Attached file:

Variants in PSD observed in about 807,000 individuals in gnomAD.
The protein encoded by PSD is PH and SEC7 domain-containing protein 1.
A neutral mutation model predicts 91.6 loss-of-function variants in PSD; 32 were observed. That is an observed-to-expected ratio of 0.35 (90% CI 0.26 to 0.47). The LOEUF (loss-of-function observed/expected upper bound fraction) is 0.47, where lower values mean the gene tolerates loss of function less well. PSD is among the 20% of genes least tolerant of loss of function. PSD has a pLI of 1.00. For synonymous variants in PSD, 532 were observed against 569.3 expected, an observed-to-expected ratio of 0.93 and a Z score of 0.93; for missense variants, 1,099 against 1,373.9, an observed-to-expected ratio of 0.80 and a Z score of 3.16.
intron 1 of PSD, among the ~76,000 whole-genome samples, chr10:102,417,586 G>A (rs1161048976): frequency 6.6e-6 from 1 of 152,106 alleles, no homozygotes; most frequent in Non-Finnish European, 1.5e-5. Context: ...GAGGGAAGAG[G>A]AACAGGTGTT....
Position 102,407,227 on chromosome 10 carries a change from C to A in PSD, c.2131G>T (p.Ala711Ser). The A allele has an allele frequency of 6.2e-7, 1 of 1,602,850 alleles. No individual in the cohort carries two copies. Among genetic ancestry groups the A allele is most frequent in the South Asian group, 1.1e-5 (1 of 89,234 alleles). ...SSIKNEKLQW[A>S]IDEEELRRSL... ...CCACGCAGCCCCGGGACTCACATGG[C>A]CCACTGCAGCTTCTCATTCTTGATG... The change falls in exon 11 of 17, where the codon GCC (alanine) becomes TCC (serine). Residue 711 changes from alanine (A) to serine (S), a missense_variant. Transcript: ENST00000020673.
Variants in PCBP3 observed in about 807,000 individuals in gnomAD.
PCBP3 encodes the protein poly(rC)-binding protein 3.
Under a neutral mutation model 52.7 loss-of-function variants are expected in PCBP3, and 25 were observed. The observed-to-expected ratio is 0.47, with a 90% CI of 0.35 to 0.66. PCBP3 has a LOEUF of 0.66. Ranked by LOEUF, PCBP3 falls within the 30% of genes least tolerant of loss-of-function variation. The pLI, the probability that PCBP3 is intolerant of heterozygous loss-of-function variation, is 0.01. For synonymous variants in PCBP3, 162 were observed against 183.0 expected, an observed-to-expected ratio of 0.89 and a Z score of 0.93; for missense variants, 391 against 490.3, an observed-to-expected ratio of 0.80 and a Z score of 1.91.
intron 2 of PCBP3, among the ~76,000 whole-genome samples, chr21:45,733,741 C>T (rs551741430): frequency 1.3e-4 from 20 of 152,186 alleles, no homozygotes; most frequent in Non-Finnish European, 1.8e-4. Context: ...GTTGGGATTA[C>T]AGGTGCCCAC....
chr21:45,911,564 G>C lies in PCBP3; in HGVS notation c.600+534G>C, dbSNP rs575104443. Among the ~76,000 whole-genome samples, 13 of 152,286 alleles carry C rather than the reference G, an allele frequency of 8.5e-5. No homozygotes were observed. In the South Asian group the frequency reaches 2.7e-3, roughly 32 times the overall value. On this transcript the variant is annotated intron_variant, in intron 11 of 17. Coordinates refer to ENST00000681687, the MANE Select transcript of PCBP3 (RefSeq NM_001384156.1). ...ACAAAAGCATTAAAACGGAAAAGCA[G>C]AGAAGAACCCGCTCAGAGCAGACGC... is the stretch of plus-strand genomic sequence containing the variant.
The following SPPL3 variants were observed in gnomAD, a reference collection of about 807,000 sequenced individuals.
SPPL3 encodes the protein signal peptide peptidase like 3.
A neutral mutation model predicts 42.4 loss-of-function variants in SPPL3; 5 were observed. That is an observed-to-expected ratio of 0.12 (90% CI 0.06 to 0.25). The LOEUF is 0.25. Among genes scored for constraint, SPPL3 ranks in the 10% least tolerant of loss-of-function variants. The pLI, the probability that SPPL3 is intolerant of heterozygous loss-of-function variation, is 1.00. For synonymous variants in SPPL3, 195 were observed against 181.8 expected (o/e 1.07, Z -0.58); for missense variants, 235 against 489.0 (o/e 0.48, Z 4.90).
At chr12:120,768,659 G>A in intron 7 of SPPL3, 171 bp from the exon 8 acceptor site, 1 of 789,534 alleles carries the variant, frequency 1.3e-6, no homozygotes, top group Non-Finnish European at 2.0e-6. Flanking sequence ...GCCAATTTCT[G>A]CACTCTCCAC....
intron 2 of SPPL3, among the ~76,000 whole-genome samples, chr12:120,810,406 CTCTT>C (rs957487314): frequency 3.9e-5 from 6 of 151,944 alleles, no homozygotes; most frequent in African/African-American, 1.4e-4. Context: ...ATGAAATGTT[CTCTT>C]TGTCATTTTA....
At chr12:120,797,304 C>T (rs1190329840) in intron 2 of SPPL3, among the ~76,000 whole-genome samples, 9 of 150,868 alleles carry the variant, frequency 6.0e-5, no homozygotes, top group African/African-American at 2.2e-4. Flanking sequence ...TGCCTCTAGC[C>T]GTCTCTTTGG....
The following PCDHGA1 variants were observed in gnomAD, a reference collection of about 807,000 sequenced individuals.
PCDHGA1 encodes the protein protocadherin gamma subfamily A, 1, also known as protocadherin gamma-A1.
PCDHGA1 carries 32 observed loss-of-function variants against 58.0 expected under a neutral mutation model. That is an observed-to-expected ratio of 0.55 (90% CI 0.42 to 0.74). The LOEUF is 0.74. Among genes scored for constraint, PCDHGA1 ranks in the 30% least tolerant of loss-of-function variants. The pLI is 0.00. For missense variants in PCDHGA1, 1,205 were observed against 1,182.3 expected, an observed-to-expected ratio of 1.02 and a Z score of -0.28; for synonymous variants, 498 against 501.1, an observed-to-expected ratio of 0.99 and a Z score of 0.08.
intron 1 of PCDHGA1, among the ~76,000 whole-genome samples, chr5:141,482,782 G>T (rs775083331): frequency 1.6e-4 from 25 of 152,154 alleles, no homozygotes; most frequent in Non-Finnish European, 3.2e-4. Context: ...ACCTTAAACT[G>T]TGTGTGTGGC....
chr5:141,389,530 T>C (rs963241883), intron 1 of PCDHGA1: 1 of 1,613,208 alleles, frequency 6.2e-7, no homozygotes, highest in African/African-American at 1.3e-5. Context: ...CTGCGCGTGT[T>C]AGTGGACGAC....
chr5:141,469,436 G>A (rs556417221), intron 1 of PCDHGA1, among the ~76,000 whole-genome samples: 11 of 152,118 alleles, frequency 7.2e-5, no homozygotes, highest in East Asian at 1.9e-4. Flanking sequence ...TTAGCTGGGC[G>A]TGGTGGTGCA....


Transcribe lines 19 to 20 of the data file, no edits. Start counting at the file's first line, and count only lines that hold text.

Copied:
PCDHGA1 carries 32 observed loss-of-function variants against 58.0 expected under a neutral mutation model. That is an observed-to-expected ratio of 0.55 (90% CI 0.42 to 0.74). The LOEUF is 0.74. Among genes scored for constraint, PCDHGA1 ranks in the 30% least tolerant of loss-of-function variants. The pLI is 0.00. For missense variants in PCDHGA1, 1,205 were observed against 1,182.3 expected, an observed-to-expected ratio of 1.02 and a Z score of -0.28; for synonymous variants, 498 against 501.1, an observed-to-expected ratio of 0.99 and a Z score of 0.08.
intron 1 of PCDHGA1, among the ~76,000 whole-genome samples, chr5:141,482,782 G>T (rs775083331): frequency 1.6e-4 from 25 of 152,154 alleles, no homozygotes; most frequent in Non-Finnish European, 3.2e-4. Context: ...ACCTTAAACT[G>T]TGTGTGTGGC....